February marks the 7th annual Women in Horror Month, a grassroots initiative meant to showcase the underrepresented work of women in the horror industries. While Final Girls are vital to genre narratives, women working behind the scenes often go unnoticed as they’re largely outnumbered when it comes to directing horror features. Considering that the demographics of horror audiences have shifted over time, with female viewers now making up the majority percentage of ticket purchasers, the ratio seems a little outdated. So many women have left their mark on the genre over the years, but the following women are notable modern trailblazers currently breaking down the gender divide with their memorable contributions to the genre.
Amirpour’s debut feature, A Girl Walks Home Alone at Night, offered a genuinely unique take on the vampire sub-genre. An odd yet seamless mash up of a Spaghetti Western, 1950s juvenile delinquent, and new wave set to sleek black-and-white cinematography and a catchy soundtrack. Set in an Iranian town called “Bad City,” in which a chador sporting vampire stalks evil men on her skateboard, Aminpour’s dreamlike vision feels more akin to a badass comic book at times. Yet the scenes in which the vampire stalks her victims in the dark across wide expanses of abandoned streets and empty lots effectively layers in the horror.
Janiak’s first feature debut, Honeymoon, plays on the fear of not really knowing the person sleeping next to you. The story centers on a newlywed couple honeymooning at a cabin in the woods. When the bride disappears in the middle of the night, only to be found disoriented and naked, the groom begins to question who he actually found in the woods when her personality changes. Janiak elevates a simplistic plot and setting with an unsettling tension that continues to build until it boils over into a disturbing climax. Janiak deftly balances a realistic, emotional dissection of relationships with slimy, gross body horror.
Writing, directing, and producing duo Holzman and Boyle, aka Dpyx, mark their debut with Nobody Can Cool, an independent feature that proves that budget isn’t everything when it comes to making a great film. The story follows a young couple who discover their borrowed cabin is inhabited by another couple. Instead of finding elsewhere to stay, the couple agrees to share the cabin for the night only to find they’ve gotten mixed up with hardened criminals. Tensions rise and much blood is shed. Dpyx delivers on excellent atmosphere, great performances, and a very clever story.
Paxon’s directorial debut, Blood Punch, takes familiar tropes, such as the dangerous love triangle, and throws them on their head. When a meth cooker is lured out of rehab to help a dangerous couple land a big score, the trio gets more than they bargained for when things take a twisted turn into the supernatural. Paxon boldly escalates the violence and the dark humor, but even more daring is that she doesn’t even require that you like the main characters. As the body count rises, you find your allegiance constantly shifting between each unsavory character. Paxon proves she can do grisly just as well as the boys.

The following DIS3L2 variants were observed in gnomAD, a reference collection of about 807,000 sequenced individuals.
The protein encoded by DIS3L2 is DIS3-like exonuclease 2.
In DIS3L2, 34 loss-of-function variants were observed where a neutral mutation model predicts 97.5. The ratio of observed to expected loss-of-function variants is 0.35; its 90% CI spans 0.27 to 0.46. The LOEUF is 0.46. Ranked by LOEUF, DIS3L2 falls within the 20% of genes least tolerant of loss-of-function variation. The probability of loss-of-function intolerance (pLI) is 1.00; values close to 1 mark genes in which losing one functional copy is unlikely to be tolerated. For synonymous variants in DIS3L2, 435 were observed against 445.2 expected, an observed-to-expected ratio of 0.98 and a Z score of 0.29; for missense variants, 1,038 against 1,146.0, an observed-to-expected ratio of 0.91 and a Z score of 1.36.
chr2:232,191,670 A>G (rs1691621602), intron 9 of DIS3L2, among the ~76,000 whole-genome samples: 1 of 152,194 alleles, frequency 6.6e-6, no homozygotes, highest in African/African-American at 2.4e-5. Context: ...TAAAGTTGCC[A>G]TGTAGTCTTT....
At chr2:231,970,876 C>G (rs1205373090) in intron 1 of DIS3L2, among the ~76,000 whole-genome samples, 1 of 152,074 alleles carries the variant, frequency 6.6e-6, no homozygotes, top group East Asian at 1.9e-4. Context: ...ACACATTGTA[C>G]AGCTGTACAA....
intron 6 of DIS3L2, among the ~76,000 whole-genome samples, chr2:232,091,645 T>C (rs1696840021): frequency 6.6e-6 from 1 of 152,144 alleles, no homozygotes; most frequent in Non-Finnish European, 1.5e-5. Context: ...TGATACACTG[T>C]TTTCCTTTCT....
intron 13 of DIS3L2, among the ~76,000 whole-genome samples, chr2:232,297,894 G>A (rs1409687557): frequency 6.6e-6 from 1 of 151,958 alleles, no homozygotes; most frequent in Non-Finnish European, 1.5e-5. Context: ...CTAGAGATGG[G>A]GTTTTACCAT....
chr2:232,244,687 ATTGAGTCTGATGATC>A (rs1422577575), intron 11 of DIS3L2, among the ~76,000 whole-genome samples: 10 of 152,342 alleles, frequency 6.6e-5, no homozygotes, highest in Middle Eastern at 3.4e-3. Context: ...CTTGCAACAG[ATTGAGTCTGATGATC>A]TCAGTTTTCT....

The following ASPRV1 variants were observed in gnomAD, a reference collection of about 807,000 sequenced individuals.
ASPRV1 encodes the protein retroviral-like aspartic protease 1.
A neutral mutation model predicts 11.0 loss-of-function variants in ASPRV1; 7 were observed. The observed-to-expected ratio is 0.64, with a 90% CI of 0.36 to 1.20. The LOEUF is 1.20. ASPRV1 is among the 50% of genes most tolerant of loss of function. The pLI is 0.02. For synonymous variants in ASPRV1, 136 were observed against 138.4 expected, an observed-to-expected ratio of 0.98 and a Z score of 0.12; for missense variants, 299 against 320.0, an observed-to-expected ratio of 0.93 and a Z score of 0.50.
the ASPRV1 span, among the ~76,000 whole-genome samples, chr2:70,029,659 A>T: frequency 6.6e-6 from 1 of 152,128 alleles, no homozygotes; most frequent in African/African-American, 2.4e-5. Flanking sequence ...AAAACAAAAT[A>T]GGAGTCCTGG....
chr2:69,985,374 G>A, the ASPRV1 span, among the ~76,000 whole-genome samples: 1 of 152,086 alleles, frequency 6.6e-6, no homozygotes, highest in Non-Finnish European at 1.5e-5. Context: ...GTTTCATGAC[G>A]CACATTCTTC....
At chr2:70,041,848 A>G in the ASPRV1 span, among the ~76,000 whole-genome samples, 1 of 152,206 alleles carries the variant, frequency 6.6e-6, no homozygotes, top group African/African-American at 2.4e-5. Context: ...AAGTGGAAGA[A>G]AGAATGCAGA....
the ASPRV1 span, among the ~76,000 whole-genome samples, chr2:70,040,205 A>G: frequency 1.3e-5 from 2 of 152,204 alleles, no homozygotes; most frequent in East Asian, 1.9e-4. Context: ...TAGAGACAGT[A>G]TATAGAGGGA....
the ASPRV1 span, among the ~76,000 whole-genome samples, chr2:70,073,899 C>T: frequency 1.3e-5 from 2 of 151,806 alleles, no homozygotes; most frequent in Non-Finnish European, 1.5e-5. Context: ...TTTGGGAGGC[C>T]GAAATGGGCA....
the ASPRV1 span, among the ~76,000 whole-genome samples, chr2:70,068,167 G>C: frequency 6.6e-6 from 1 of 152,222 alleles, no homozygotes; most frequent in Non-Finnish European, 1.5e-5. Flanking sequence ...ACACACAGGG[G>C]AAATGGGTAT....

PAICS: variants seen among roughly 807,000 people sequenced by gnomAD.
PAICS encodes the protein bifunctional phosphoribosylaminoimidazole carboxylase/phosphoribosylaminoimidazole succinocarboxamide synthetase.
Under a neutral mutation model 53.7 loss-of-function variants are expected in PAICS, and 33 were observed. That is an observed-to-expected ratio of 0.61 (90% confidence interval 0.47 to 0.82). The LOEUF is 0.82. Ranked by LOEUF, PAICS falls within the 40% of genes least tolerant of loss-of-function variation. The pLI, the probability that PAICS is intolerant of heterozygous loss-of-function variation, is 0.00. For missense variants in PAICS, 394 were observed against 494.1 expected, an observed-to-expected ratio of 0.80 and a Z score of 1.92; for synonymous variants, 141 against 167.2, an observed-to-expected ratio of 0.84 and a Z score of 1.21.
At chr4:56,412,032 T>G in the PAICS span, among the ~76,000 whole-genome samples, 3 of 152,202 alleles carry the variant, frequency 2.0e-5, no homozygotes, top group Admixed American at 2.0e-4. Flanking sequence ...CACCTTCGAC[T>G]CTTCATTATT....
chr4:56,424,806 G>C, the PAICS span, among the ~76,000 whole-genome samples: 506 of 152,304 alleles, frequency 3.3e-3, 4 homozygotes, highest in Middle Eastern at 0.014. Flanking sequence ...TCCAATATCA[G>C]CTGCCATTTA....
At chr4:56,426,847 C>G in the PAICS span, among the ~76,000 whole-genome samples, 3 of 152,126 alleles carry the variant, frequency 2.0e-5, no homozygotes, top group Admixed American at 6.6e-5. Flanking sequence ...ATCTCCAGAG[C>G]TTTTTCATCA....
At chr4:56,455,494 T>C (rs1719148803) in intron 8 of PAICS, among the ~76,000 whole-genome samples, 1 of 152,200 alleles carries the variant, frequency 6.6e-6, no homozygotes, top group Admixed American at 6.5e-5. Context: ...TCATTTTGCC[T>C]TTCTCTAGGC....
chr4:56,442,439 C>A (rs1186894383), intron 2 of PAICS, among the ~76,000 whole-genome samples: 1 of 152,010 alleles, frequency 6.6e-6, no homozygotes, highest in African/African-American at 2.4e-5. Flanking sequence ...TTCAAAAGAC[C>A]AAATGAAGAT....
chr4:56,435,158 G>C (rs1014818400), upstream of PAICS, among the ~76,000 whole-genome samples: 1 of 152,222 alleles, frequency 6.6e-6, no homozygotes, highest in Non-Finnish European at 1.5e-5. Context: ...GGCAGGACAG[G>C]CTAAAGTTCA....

Before becoming a filmmaker, Carolyn spent years as a horror journalist for notable publications like Fangoria and published horror short stories. From there she transitioned into short horror films before completing her first feature, Soulmate, which was censored in the UK for its graphic suicide opening scene. As the mastermind behind Halloween anthology Tales of Halloween, in which she rounded up nearly anyone and everyone worth noting in horror, Carolyn further solidified her ranking as one of the most passionate about the genre working today.
Up until recently, Benjamin has largely served as a producer for notable credits like V/H/S, V/H/S 2, and festival darling The Devil’s Candy (read our review here). She very recently marked her directorial debut with the segment “Siren” in horror anthology Southbound, a film in which she also co-produced. The segment marks the rare story centered around female leads, and Benjamin has openly spoken about her interest in female centric roles. It’s clear that Southbound is just the beginning for Benjamin.
Kusama already earned her horror street cred with 2009’s Jennifer’s Body, but while that failed to win over mainstream audiences her latest feature had festival audiences going crazy. The Invitation is a slowburn thriller toeing the line of suspicion and paranoia that crescendos into one grand finale. It marks an impressive return to feature filmmaking for Kusama, and proof that she can tackle the genre in different, refreshing ways. While The Invitation is awaiting wide release (look for our review soon), Kusama is currently directing a segment in XX, an anthology of female-driven horror.
McKendry worked for nearly 13 years at Fangoria, starting in radio research before moving her way up to Director of Marketing. She’s since assumed Editor-in-Chief for Blumhouse.com, and that doesn’t even cover her extensive education in film (she’s currently working on her PhD with a focus on “Horror and Exploitation Cinema”). Mckendry co-hosts popular weekly horror podcast, Killer POV, and a monthly LA horror trivia Dead Right Horror Trivia Night. Somehow, between all of that, she’s made numerous horror short films, like “Witches Brew”. She’s currently working on her first feature length film, All the Creatures Were Stirring, an upcoming holiday horror-comedy film starring Constance Wu, Jonathan Kit, Brea Grant, and Graham Skipper. You’d be hard-pressed to find someone more knowledgeable about horror and the horror industry than hardworking McKendry.